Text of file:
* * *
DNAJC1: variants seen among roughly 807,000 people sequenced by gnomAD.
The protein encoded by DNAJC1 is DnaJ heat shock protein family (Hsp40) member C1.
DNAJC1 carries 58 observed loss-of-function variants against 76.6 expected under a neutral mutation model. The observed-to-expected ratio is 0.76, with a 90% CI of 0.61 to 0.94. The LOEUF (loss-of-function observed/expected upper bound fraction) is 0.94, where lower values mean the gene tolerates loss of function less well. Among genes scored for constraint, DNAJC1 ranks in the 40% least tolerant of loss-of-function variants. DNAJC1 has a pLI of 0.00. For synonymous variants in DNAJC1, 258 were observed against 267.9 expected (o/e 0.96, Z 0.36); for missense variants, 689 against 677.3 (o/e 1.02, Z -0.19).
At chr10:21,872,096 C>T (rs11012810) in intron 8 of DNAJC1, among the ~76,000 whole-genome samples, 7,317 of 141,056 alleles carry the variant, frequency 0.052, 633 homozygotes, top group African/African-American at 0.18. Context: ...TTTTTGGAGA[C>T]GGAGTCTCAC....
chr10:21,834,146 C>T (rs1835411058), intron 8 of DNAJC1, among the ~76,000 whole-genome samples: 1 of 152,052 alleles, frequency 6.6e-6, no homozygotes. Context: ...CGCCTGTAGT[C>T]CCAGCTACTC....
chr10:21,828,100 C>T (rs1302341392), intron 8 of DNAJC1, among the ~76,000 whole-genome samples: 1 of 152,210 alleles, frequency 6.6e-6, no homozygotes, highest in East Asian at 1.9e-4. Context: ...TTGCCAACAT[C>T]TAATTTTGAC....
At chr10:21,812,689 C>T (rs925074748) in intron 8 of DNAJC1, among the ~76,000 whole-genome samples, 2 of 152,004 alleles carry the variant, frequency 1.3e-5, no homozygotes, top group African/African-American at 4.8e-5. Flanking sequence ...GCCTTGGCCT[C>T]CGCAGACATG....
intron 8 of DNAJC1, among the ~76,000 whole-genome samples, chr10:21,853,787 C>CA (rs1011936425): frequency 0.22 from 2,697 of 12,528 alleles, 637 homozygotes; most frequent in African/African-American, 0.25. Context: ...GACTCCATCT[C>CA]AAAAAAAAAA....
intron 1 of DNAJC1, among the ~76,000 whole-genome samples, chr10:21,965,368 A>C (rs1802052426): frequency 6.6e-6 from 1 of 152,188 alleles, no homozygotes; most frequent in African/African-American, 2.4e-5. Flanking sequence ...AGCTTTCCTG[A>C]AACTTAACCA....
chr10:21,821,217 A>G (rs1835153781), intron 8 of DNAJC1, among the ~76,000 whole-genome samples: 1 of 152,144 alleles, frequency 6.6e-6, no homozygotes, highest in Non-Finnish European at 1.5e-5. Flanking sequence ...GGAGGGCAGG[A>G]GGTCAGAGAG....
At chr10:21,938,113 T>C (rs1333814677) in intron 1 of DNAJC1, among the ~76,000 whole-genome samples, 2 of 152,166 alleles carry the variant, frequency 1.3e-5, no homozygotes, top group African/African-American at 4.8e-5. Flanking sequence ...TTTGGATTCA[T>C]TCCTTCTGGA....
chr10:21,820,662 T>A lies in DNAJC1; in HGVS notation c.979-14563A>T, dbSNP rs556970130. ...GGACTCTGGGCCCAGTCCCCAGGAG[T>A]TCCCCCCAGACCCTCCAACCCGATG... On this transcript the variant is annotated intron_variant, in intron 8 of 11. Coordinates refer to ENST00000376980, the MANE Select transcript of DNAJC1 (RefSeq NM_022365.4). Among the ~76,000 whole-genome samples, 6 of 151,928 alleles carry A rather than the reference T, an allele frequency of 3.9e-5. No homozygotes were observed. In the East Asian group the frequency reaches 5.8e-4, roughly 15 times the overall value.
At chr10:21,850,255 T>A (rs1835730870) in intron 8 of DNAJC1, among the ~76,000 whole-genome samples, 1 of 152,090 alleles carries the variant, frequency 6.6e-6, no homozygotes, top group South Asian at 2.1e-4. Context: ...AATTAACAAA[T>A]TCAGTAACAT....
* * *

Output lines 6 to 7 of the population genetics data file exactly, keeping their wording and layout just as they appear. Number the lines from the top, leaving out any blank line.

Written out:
chr10:21,828,100 C>T (rs1302341392), intron 8 of DNAJC1, among the ~76,000 whole-genome samples: 1 of 152,210 alleles, frequency 6.6e-6, no homozygotes, highest in East Asian at 1.9e-4. Context: ...TTGCCAACAT[C>T]TAATTTTGAC....
At chr10:21,812,689 C>T (rs925074748) in intron 8 of DNAJC1, among the ~76,000 whole-genome samples, 2 of 152,004 alleles carry the variant, frequency 1.3e-5, no homozygotes, top group African/African-American at 4.8e-5. Flanking sequence ...GCCTTGGCCT[C>T]CGCAGACATG....